Blades are created using an ancient Japanese process before Holly adds handles of local wood
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BY LAURA ENFIELD
The unique patterns running along the blades made by Holly Loftus are created by hammering together layers of softened steel.
She likens the ancient Japanese process to making pastry.
“It’s like a croissant, but instead of layers of pastry and butter, it’s layers of steel that get laminated by folding them on top of each other over and over,” said the 33-year-old.
“I use heat and pressure and just literally smash them together and they fuse. It makes an edge that is really sharp and long-lasting.”
Like the knives she creates at Cockpit Arts in Deptford, Holly forged her career through sheer force.
She is the only woman she knows of working professionally in the male-dominated field and her hand-forged knives, which cost about £300, sell out every month.
When she happened upon the notion of bladesmithing in 2010, she was a community worker on holiday in America.
The Lewisham resident was both beguiled and baffled when she stumbled across a hobbyist knifemaker at work.
- See Holly’s work up close at Cockpit Summer Festival And Open Studios in Deptford from June 17-19, 2022. Entry is free and visitors will be able to meet a variety of crafters in their workspaces and talk to them about their processes.
“That was the first time that I really thought about knives being made outside of a factory and I remember grilling him about how he made them,” she said.
“It sparked an interest in me, but the first five years of the journey into making knives was only in my head. I couldn’t even figure out how to get started, because it was so alien to me.”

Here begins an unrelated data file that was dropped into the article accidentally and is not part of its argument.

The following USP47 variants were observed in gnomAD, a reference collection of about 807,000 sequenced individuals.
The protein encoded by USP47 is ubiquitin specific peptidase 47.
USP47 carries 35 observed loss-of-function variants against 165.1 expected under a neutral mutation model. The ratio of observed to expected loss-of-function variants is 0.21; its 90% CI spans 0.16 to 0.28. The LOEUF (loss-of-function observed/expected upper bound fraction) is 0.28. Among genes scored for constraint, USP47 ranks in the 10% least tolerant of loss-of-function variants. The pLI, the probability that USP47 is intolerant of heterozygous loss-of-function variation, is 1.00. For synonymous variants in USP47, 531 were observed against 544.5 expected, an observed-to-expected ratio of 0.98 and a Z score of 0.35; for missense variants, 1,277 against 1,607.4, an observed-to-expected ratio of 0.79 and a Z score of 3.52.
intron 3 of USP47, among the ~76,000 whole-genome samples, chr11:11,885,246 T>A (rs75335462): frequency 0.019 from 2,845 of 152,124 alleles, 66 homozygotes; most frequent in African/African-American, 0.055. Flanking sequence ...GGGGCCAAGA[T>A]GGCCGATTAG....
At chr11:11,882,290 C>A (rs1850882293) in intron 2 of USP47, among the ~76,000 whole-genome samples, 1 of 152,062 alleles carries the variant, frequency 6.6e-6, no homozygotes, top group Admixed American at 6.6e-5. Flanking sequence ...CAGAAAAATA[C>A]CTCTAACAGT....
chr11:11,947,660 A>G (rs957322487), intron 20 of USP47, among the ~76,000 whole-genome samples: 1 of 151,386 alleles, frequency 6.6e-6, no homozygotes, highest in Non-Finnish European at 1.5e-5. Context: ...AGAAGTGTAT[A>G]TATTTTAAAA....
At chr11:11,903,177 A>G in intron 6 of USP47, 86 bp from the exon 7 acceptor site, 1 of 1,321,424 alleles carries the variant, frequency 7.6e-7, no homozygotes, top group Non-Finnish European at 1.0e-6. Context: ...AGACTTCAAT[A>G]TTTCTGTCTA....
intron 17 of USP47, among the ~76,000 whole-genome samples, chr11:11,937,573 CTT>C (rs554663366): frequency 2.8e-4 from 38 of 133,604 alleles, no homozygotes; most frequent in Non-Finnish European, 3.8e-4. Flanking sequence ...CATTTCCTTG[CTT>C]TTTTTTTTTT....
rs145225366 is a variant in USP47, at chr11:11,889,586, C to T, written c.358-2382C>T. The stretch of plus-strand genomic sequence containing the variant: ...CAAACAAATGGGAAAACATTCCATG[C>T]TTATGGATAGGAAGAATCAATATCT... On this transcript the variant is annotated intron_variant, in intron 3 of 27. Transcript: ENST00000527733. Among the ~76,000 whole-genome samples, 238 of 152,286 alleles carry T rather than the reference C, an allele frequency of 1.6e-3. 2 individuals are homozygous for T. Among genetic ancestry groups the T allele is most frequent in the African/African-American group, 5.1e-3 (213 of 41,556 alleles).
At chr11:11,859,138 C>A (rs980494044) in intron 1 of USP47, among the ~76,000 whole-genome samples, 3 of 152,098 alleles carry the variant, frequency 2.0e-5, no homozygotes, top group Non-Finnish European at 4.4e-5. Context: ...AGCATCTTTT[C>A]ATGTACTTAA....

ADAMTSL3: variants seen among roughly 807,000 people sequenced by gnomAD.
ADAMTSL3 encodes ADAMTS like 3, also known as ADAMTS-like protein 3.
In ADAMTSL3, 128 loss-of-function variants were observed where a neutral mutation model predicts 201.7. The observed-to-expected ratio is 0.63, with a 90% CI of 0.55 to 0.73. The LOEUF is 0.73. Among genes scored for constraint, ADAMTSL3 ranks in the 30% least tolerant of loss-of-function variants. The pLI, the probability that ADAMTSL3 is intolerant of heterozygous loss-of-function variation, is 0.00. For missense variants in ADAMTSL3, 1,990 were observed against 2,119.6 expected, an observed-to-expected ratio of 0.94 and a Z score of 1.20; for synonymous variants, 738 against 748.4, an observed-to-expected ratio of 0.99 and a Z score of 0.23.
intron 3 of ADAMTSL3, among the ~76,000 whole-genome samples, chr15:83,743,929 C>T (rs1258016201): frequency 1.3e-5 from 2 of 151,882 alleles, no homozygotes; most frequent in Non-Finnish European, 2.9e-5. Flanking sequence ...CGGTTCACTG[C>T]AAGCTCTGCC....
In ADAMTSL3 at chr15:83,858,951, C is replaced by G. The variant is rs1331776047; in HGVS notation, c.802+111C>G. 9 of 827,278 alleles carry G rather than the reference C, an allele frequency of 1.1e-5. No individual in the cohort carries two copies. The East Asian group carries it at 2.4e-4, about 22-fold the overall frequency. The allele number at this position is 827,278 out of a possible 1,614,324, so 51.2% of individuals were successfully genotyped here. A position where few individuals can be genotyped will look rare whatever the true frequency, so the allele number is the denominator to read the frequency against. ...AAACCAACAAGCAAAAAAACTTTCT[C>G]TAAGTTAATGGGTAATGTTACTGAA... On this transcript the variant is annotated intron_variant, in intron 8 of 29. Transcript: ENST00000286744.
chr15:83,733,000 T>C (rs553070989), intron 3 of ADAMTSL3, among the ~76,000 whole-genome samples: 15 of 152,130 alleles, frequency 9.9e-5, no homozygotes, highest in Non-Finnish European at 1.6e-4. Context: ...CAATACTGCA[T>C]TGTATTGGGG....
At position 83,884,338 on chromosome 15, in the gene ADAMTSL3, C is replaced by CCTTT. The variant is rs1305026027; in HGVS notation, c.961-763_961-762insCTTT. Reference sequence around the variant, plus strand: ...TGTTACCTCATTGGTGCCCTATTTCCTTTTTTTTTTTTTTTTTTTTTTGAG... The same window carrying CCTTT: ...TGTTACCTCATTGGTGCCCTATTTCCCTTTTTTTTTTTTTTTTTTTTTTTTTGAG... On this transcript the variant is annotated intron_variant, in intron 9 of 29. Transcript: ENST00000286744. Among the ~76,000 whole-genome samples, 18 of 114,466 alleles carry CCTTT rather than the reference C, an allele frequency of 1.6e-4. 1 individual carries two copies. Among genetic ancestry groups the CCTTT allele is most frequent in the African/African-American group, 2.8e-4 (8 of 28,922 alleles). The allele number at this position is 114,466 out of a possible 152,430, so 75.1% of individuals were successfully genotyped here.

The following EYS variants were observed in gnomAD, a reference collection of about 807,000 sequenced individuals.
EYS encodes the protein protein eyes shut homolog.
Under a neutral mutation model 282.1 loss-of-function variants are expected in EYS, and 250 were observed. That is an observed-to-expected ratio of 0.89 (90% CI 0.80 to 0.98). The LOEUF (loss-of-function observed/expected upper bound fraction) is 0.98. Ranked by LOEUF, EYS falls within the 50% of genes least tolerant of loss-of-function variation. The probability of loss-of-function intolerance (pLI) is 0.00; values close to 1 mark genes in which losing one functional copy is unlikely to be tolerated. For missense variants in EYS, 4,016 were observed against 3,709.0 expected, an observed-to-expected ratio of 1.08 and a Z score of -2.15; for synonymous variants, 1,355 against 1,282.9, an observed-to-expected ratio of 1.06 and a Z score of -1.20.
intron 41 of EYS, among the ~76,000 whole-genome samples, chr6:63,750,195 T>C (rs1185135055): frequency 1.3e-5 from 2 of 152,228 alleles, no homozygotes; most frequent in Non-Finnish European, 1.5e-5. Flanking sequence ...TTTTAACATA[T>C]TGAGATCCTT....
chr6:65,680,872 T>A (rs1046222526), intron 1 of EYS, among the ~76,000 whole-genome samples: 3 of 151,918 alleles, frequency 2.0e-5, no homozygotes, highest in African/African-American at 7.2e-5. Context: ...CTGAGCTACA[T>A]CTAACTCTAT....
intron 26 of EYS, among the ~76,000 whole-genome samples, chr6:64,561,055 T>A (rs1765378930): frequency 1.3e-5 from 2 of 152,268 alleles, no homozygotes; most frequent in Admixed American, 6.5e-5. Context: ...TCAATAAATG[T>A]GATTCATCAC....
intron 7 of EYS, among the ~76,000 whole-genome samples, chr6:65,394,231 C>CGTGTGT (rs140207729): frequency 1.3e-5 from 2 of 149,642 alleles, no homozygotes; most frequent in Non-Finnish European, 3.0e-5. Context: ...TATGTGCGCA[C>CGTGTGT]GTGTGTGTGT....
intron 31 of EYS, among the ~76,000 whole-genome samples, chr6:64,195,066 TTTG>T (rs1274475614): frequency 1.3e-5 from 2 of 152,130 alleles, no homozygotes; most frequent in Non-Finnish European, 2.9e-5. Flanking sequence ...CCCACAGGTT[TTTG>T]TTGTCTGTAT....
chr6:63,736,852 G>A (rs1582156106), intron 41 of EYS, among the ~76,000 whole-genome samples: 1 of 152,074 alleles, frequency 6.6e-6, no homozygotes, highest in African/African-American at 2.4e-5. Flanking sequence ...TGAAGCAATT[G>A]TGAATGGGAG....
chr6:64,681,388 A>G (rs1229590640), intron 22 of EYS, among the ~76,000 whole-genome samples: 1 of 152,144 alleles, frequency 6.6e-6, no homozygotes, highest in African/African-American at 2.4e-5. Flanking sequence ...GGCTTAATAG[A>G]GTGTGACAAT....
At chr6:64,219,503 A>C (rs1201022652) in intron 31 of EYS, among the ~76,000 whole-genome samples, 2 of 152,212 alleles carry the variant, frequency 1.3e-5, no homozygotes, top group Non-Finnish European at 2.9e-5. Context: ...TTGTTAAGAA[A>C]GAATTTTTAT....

Her uncertainty deepened when she was unable to track down any professional knifemaking courses in the UK at the time.
Self doubt made her question whether she could leave her job, helping pensioners and homeless people, which she’d started as a teenager growing up in Dublin.
“I was excited about making knives, but it took a while for me to feel like I could just give myself permission to make something,” said Holly.
“A part of that was because I had done something I felt was socially useful and that transition has been difficult sometimes.”
She spent hours scouring internet forums and watching videos, but the nudge to take action only came when a friend bought her a one-day knifemaking course.
“I didn’t really think that I could ever figure out how to do it, because there are so many aspects, different tools and materials and that seemed mental to me,” she said.
“On the course, we just forged a very basic knife, but I decided I was going to figure out how to start pursuing it.
“Before then it all seemed really abstract, so it took away that mental block I had.”
She still had a hard road to follow to turn it into a career.
“In the UK there’s no professional route into knifemaking,” said Holly. “There’s no apprenticeship, no school where you could go to learn it.”
The only vaguely related course she could find was a City And Guilds in forgework in Scotland. Six months later, she quit her job and headed up there.
“I didn’t make any knives, but that’s where I learned to forge using a hammer, which felt like a good foundation,” she said.
“When I passed, it was really satisfying and gave me the confidence to apply for work in the field.”